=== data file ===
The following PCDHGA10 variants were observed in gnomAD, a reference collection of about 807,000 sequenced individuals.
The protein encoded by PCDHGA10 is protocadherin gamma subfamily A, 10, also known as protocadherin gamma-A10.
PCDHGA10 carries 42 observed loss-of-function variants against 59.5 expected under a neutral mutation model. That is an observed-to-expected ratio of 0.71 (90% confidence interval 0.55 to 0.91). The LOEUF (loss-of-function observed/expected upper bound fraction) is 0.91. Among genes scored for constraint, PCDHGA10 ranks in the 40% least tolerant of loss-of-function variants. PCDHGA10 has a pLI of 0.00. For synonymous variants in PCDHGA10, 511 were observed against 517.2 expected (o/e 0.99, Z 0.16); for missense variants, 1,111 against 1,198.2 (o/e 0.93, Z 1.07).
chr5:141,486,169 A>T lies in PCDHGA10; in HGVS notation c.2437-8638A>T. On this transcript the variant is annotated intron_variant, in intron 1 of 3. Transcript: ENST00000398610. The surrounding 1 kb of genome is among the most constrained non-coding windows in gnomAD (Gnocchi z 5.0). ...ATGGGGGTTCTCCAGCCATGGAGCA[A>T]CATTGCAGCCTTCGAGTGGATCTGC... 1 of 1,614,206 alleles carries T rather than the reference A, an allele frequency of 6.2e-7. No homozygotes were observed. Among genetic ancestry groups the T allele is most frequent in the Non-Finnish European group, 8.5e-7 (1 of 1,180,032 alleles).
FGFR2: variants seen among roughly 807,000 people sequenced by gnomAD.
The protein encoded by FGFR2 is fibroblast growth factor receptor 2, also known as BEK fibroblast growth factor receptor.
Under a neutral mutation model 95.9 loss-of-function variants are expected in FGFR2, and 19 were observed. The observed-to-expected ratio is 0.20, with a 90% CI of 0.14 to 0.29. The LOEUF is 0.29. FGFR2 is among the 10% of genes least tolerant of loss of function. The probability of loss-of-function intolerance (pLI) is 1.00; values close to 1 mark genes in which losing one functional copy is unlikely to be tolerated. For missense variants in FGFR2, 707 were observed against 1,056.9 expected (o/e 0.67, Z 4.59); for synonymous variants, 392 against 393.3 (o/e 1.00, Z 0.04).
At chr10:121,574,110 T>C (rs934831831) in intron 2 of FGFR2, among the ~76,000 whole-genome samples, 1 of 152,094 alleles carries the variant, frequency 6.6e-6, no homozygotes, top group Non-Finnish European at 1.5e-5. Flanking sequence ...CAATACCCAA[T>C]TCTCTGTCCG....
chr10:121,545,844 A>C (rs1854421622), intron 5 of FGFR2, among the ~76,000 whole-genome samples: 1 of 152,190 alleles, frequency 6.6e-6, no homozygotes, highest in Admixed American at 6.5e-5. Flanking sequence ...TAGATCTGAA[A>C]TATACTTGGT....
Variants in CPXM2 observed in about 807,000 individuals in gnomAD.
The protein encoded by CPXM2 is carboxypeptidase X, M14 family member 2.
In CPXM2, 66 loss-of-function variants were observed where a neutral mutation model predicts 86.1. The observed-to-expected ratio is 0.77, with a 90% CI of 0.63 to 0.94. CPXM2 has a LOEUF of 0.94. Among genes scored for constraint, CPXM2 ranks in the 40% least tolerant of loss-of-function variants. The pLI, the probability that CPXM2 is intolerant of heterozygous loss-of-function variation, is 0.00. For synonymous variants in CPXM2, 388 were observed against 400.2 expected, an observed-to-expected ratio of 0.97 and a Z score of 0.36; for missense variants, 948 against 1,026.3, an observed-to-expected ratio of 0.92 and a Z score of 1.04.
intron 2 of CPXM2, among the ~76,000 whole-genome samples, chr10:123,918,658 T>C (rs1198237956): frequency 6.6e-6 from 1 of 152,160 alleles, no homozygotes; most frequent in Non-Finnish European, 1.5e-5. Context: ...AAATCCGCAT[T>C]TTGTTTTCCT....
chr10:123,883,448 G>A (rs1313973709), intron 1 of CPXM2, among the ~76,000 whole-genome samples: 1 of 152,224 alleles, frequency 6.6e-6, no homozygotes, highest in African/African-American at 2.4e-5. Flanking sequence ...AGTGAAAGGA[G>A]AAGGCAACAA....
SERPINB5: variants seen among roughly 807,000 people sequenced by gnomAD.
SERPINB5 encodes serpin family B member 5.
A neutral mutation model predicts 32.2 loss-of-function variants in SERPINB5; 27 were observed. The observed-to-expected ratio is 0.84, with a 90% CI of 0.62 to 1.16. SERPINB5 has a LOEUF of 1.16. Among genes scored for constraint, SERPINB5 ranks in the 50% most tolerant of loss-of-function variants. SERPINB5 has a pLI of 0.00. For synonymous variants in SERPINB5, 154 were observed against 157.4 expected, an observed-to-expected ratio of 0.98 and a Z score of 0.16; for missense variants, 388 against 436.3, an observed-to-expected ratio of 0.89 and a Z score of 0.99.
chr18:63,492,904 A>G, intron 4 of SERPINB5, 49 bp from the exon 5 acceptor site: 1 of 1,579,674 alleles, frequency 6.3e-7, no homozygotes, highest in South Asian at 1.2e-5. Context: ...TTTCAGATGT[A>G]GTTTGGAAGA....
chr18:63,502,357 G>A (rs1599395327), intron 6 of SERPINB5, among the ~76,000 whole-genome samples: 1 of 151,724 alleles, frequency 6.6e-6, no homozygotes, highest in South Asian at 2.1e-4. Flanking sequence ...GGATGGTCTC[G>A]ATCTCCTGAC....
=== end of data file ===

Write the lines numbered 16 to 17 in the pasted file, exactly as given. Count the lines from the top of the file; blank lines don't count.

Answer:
SERPINB5 encodes serpin family B member 5.
A neutral mutation model predicts 32.2 loss-of-function variants in SERPINB5; 27 were observed. The observed-to-expected ratio is 0.84, with a 90% CI of 0.62 to 1.16. SERPINB5 has a LOEUF of 1.16. Among genes scored for constraint, SERPINB5 ranks in the 50% most tolerant of loss-of-function variants. SERPINB5 has a pLI of 0.00. For synonymous variants in SERPINB5, 154 were observed against 157.4 expected, an observed-to-expected ratio of 0.98 and a Z score of 0.16; for missense variants, 388 against 436.3, an observed-to-expected ratio of 0.89 and a Z score of 0.99.